Contacts: Bob Nellis, Megan Forliti

 

Wall Street Journal
The Small Warnings Before Cardiac Arrest
by Ron Winslow

…Say someone has a brief episode of chest pain during exercise for the first time and goes without further symptoms and, after having no further symptoms, suffers sudden cardiac arrest three weeks later. “Should that person have called 911, or soughtWSJ Banner assistance from his or her physician?” asks Roger White, an anesthesiologist and cardiac arrest expert at Mayo Clinic, Rochester, Minn. “That sort of question is left completely unanswered.”

Reach: The Wall Street Journal, a US-based newspaper published by Dow Jones & Company, has an average circulation of 2.3 million daily which includes print and digital versions.

Context:  Roger White, M.D. is a Mayo Clinic anesthesiologist. Dr. White's research focuses on out-of-hospital cardiac arrests.

Contact: Traci Klein

 

NPR
Boosting Life Span By Clearing Out Cellular Clutter
by Nell Greenfieldboyce

Mice were much healthier and lived about 25 percent longer when scientists killed off a certain kind of cell that accumulates in NPR Shots Health Newsthe body with age… These are cells that have stopped dividing, though not necessarily because the cells themselves are old. "It's a normal cell that experienced an unusual amount of stress, and it decided to stop dividing," says Jan van Deursen, who studies senescent cells at the Mayo Clinic College of Medicine in Rochester, Minn.

Reach: NPR's Shots blog provides news about health and medicine. The blog has more than 68,000 unique visitors each month.

Additional coverage: Fast Company, Newsweek, The Telegraph UK, The Atlantic, Yahoo News, HealthDay, nature.com, The Mirror UK, The Independent UK, Fortune

Context: Researchers at Mayo Clinic have shown that senescent cells – cells that no longer divide and accumulate with age – negatively impact health and shorten lifespan by as much as 35 percent in normal mice. The results, which appear today in Nature, demonstrate that clearance of senescent cells delays tumor formation, preserves tissue and organ function, and extends lifespan without observed adverse effects. “Cellular senescence is a biological mechanism that functions as an ‘emergency brake’ used by damaged cells to stop dividing,” says Jan van Deursen, Ph.D., Chair of Biochemistry and Molecular biology at Mayo Clinic, and senior author of the paper. “While halting cell division of these cells is important for cancer prevention, it has been theorized that once the ‘emergency brake’ has been pulled, these cells are no longer necessary.” More information can be found on Mayo Clinic News Network.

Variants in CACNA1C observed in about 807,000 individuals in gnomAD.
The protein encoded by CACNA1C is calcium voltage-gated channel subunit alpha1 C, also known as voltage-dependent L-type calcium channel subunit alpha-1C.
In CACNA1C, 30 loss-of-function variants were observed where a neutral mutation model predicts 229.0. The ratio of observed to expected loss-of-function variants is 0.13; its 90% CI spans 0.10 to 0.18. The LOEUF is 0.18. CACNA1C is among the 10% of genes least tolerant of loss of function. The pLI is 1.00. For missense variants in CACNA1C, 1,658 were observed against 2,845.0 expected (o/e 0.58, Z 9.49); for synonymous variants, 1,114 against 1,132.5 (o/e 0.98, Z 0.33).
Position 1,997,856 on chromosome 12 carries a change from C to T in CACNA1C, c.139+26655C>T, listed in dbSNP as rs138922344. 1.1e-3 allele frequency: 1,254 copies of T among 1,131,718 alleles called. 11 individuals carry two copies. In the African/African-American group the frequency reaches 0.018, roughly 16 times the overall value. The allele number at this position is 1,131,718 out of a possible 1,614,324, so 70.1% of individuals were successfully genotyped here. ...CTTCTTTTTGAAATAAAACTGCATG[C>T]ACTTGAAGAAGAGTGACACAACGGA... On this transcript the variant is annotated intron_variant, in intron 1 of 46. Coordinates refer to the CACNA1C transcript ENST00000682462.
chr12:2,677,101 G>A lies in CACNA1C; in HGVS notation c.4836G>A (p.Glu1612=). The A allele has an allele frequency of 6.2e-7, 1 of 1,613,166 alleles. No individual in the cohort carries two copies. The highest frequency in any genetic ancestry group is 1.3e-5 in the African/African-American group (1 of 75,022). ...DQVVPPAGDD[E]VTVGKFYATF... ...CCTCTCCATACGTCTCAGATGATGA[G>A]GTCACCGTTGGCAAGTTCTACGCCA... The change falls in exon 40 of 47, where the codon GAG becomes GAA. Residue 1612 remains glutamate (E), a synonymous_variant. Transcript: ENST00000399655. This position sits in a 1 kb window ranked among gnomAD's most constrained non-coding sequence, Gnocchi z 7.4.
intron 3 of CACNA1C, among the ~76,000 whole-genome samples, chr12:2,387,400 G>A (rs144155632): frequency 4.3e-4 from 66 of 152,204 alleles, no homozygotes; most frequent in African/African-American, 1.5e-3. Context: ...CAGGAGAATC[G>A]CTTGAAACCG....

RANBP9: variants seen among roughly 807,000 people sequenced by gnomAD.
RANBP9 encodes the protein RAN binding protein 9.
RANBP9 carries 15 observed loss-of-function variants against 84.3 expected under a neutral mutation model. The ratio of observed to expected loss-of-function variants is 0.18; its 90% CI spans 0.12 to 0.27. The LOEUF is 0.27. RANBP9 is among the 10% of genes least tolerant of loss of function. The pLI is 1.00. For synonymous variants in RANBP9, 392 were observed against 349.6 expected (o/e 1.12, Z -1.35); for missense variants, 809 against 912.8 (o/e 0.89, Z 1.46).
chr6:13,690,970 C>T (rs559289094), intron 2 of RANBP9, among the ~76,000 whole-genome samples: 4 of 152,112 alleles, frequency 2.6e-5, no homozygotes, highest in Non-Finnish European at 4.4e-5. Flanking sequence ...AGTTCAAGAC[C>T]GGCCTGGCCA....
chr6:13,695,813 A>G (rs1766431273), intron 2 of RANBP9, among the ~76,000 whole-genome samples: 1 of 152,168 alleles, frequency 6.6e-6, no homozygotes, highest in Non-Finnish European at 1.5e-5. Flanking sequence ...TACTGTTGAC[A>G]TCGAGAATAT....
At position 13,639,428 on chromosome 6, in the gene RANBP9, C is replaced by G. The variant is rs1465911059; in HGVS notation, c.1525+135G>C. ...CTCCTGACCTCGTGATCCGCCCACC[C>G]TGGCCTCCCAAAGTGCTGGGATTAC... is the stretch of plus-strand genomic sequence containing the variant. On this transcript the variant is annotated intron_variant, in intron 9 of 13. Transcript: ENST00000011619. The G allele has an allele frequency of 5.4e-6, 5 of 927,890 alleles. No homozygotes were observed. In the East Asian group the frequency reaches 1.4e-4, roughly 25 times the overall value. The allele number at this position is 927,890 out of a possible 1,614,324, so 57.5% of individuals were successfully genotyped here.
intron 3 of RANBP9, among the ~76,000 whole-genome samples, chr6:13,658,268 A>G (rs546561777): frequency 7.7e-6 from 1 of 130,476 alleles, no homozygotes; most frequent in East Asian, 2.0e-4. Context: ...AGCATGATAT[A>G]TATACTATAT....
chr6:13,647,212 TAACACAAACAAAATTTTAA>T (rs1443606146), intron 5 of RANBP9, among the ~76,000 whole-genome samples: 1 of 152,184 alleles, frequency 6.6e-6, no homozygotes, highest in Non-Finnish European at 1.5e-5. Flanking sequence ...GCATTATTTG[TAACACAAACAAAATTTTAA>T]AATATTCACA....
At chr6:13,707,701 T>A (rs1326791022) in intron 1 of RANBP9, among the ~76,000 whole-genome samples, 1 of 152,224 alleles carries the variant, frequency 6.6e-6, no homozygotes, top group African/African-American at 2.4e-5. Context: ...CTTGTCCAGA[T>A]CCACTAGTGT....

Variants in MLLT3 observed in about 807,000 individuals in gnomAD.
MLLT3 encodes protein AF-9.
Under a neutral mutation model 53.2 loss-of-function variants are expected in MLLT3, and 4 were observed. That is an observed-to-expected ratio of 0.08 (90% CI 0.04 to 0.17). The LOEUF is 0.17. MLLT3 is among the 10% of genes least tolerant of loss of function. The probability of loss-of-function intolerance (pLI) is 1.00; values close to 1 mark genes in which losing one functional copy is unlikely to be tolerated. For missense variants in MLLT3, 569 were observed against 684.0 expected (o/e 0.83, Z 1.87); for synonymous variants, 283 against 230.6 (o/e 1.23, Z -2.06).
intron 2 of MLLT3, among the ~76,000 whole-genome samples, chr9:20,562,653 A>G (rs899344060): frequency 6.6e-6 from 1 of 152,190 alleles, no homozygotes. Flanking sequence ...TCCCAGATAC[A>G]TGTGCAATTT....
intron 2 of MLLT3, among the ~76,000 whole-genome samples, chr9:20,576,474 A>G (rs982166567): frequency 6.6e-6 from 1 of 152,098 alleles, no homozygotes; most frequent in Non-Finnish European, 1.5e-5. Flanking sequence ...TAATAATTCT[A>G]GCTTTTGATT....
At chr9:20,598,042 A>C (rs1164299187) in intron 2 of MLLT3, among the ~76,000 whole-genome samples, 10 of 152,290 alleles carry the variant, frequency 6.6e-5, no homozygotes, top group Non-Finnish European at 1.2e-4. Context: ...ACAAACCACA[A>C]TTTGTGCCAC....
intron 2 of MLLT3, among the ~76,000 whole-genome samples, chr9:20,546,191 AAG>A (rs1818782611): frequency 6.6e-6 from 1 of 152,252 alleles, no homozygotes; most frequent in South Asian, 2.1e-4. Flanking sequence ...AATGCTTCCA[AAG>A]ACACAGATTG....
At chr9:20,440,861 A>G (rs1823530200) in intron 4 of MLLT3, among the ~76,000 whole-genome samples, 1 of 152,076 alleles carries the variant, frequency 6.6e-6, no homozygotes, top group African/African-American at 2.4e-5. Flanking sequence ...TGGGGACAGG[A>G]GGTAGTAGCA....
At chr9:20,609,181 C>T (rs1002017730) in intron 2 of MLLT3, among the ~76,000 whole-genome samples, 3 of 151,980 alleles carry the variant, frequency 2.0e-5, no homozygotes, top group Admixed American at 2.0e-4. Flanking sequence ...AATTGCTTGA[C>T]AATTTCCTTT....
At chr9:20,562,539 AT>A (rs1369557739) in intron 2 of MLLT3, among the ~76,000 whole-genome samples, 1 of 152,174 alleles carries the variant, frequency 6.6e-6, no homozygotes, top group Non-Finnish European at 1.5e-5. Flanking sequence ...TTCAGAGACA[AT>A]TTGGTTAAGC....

Contacts: Bob Nellis, Megan Forliti

New York Times — Drug Shortages Forcing Hard Decisions on Rationing Treatments by Sheri Fink…Dr. Ivan Hsia, an anesthesiologist in Ontario, Canada, said many physicians in his field adopt what he called “the paternalistic model — like I’ll inform them when I think it’s unsafe enough to inform them.” When he and his colleagues surveyed hundreds of patients at the Mayo Clinics in Arizona and Florida and others in Canada about their preferences, the results surprised him. Most wanted to know about a drug shortage that might affect their care during elective surgery, even if there was only a minor difference in potential side effects, and many said they would delay surgery.

New York Times — Microcephaly, Spotlighted by Zika Virus, Has Long Afflicted and Mystified by Catherine Saint Louis — An estimated 25,000 babies receive a microcephaly diagnosis each year in the United States. Microcephaly simply means that the baby’s head is abnormally small — sometimes just because the parents themselves have unusually small heads. “By itself, it doesn’t necessarily mean you have a neurological problem,” said Dr. Marc C. Patterson, a pediatric neurologist at the Mayo Clinic Children’s Center in Rochester, Minn. Additional coverage: TodayOnline.com

New York Times — F.L. Great Ken Stabler Had Brain Disease C.T.E. — The former Raiders quarterback had high Stage 3 chronic traumatic encephalopathy when he died in July, researchers said…A study by the Mayo Clinic, released last fall, found C.T.E. in 21 of 66 men who played contact sports (mostly football), but found no traces of the disease in 198 other brains of men who had no exposure to contact sports.

NPR — Study Suggests Surgical Residents Can Safely Work Longer Shifts by Jordan Rau — Patients suffered no additional harm when doctors training to be surgeons were allowed to work longer shifts, a study published Tuesday concludes… "We're very encouraged by the findings," said Dr. Maya Babu, a neurological surgery resident at the Mayo Clinic and president of the Resident and Associate Society of the American College of Surgeons. "We feel very strongly that flexibility is important to provide opportunities to learn and to have patient ownership, to see patients from the time they're admitted through surgery the next day." Additional coverage: Health News Florida, Salon, Miami Herald, Washington Post, Baltimore Sun blog, Kansas City Star, Star Tribune, ABC News